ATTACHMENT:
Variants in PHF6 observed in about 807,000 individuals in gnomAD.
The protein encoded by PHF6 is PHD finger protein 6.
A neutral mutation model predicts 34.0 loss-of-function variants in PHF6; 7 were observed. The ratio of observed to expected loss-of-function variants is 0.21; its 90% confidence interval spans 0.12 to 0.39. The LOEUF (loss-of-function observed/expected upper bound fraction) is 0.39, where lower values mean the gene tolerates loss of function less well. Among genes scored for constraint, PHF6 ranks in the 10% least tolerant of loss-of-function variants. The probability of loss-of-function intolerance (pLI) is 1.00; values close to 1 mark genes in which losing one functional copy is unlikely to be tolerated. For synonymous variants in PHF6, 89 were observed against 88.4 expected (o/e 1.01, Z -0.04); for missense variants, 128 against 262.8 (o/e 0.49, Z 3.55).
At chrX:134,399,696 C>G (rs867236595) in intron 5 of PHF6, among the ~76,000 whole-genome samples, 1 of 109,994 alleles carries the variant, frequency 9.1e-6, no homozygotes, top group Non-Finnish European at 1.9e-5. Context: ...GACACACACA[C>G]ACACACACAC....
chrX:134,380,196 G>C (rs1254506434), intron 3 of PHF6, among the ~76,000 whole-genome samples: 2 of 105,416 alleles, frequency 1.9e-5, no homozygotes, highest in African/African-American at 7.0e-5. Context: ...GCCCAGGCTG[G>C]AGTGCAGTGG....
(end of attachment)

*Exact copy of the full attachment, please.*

Variants in PHF6 observed in about 807,000 individuals in gnomAD.
The protein encoded by PHF6 is PHD finger protein 6.
A neutral mutation model predicts 34.0 loss-of-function variants in PHF6; 7 were observed. The ratio of observed to expected loss-of-function variants is 0.21; its 90% confidence interval spans 0.12 to 0.39. The LOEUF (loss-of-function observed/expected upper bound fraction) is 0.39, where lower values mean the gene tolerates loss of function less well. Among genes scored for constraint, PHF6 ranks in the 10% least tolerant of loss-of-function variants. The probability of loss-of-function intolerance (pLI) is 1.00; values close to 1 mark genes in which losing one functional copy is unlikely to be tolerated. For synonymous variants in PHF6, 89 were observed against 88.4 expected (o/e 1.01, Z -0.04); for missense variants, 128 against 262.8 (o/e 0.49, Z 3.55).
At chrX:134,399,696 C>G (rs867236595) in intron 5 of PHF6, among the ~76,000 whole-genome samples, 1 of 109,994 alleles carries the variant, frequency 9.1e-6, no homozygotes, top group Non-Finnish European at 1.9e-5. Context: ...GACACACACA[C>G]ACACACACAC....
chrX:134,380,196 G>C (rs1254506434), intron 3 of PHF6, among the ~76,000 whole-genome samples: 2 of 105,416 alleles, frequency 1.9e-5, no homozygotes, highest in African/African-American at 7.0e-5. Context: ...GCCCAGGCTG[G>C]AGTGCAGTGG....